Non-malignant enlargement of the prostate, called BPH (Benign Prostatic Hyperplasia) is a consequence of excessive prostatic growth and is characterized by troublesome lower urinary tract symptoms, deteriorating the quality of life, both during the day and at night.
Benign prostatic hyperplasia (BPH)
More information about the disease can be found in the section: What is benign prostatic hyperplasia?
It is one of the most common complaints in men after age of 50.
Effective treatment of BPH is based on elimination of the causes of symptoms burdensome for the patients, mainly associated with urine excretion. The choice of an appropriate treatment method depends on the intensity of symptoms and complaints associated with the lower urinary tract, the patient’s age and general condition, and coincident diseases. The decision concerning the choice of treatment is made by the doctor, who takes into consideration the patient’s individual needs and preferences.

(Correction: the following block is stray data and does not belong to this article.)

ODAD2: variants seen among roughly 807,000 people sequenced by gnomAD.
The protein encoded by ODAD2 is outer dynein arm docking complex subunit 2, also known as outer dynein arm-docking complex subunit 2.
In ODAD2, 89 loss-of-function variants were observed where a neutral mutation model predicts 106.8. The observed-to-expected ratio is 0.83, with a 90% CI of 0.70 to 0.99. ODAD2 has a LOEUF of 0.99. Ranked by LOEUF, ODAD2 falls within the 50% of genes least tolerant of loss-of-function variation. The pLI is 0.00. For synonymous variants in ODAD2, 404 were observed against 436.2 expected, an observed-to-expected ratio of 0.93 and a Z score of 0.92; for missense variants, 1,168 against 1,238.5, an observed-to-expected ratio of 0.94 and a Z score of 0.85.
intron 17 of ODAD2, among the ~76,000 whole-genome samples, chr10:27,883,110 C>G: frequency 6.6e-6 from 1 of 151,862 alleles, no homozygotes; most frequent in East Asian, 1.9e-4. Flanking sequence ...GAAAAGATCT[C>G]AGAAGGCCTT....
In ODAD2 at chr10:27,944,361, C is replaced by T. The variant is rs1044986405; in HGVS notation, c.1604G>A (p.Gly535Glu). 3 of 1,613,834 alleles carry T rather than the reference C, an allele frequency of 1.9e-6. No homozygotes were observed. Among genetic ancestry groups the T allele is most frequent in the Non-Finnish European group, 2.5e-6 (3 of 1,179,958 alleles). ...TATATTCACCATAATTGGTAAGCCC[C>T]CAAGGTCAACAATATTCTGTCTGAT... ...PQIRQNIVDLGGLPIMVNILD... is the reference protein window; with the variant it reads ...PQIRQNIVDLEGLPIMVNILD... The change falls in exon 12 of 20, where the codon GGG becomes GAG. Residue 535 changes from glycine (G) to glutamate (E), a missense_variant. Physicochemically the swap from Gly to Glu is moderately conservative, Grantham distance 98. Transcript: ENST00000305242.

Depending on the severity of symptoms treatment of benign prostatic hyperplasia involves: (according to Guidelines of European Association of Urology-EAU) www.uroweb.org
- medical consultation (prevention, diet, hygiene)
- pharmaceutical therapy - for patients with moderate symptoms, without complications such as urine retention, urolithiasis, hematuria.
Following therapies are used in treatment of BPH:
- 5 α-reductase inhibitors – inhibit the enlargement, or even reduce the size, of the prostate, provided that the treatment is continued for many months, or even for many years.
- α 1-adrenergic receptor blockers – act by reducing smooth muscle tone, alleviating the symptoms of irritation.
- agents of herbal origin – with anti-inflammatory, edema-reducing and anti-androgenic effect.
- surgical treatment – in patients with complications such as: urine retention requiring catheterization of the bladder, urolithiasis, vesical diverticulosis, chronic, recurrent or bacterial infections of the urinary tract, hematuria, bilateral hydronephrosis or renal failure.